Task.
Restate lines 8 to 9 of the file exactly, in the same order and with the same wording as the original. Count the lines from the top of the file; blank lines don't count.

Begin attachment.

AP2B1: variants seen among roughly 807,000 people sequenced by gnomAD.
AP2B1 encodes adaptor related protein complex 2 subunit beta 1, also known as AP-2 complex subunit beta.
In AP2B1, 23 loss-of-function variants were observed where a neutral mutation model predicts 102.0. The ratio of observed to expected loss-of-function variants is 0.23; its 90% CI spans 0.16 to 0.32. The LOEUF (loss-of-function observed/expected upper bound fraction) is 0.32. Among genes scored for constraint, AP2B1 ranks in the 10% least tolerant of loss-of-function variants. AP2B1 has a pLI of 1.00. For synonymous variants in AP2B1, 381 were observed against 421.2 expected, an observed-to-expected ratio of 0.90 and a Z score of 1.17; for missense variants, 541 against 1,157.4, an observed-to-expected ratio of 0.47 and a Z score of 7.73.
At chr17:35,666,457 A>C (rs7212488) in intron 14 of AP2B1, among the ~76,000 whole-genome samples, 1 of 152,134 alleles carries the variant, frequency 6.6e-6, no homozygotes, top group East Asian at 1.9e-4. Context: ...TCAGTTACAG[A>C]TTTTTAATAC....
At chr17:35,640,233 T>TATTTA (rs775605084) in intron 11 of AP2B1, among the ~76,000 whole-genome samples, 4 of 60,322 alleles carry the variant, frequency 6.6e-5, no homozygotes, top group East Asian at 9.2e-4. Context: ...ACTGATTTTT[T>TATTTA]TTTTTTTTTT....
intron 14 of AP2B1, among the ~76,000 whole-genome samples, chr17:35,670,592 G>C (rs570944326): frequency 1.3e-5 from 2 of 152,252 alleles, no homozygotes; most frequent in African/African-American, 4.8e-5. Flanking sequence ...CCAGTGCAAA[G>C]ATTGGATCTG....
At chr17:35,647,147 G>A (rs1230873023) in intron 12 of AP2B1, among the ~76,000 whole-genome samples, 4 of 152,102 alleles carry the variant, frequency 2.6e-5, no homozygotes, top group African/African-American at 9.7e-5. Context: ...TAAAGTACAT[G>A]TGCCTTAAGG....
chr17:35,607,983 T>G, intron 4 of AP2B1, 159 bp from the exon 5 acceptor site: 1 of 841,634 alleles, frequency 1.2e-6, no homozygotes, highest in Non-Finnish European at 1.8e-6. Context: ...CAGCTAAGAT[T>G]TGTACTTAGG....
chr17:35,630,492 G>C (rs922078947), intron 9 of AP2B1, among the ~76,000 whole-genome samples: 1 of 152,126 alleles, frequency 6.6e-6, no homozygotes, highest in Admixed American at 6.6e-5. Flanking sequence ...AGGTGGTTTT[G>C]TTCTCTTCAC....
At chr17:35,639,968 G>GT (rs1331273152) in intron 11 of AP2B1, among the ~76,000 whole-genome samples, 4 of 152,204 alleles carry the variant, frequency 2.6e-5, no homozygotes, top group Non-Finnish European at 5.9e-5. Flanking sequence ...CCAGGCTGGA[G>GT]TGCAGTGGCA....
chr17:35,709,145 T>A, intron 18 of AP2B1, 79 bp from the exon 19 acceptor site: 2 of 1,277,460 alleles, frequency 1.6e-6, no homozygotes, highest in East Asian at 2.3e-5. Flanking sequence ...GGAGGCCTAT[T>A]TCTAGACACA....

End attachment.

chr17:35,607,983 T>G, intron 4 of AP2B1, 159 bp from the exon 5 acceptor site: 1 of 841,634 alleles, frequency 1.2e-6, no homozygotes, highest in Non-Finnish European at 1.8e-6. Context: ...CAGCTAAGAT[T>G]TGTACTTAGG....
chr17:35,630,492 G>C (rs922078947), intron 9 of AP2B1, among the ~76,000 whole-genome samples: 1 of 152,126 alleles, frequency 6.6e-6, no homozygotes, highest in Admixed American at 6.6e-5. Flanking sequence ...AGGTGGTTTT[G>C]TTCTCTTCAC....